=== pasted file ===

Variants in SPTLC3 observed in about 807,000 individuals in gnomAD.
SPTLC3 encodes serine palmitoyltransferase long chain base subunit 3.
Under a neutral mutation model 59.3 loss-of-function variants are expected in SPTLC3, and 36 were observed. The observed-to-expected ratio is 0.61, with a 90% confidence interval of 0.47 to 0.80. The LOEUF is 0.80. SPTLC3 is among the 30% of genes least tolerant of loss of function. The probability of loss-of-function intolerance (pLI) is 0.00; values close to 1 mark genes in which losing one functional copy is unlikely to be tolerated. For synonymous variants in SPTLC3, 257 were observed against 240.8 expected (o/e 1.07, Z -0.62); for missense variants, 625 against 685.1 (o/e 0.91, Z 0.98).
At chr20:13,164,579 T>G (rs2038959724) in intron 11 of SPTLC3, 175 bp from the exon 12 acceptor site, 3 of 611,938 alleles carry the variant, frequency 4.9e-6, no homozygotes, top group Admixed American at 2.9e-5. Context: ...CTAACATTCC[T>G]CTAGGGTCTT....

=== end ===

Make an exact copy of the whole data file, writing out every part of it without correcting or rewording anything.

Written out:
Variants in SPTLC3 observed in about 807,000 individuals in gnomAD.
SPTLC3 encodes serine palmitoyltransferase long chain base subunit 3.
Under a neutral mutation model 59.3 loss-of-function variants are expected in SPTLC3, and 36 were observed. The observed-to-expected ratio is 0.61, with a 90% confidence interval of 0.47 to 0.80. The LOEUF is 0.80. SPTLC3 is among the 30% of genes least tolerant of loss of function. The probability of loss-of-function intolerance (pLI) is 0.00; values close to 1 mark genes in which losing one functional copy is unlikely to be tolerated. For synonymous variants in SPTLC3, 257 were observed against 240.8 expected (o/e 1.07, Z -0.62); for missense variants, 625 against 685.1 (o/e 0.91, Z 0.98).
At chr20:13,164,579 T>G (rs2038959724) in intron 11 of SPTLC3, 175 bp from the exon 12 acceptor site, 3 of 611,938 alleles carry the variant, frequency 4.9e-6, no homozygotes, top group Admixed American at 2.9e-5. Context: ...CTAACATTCC[T>G]CTAGGGTCTT....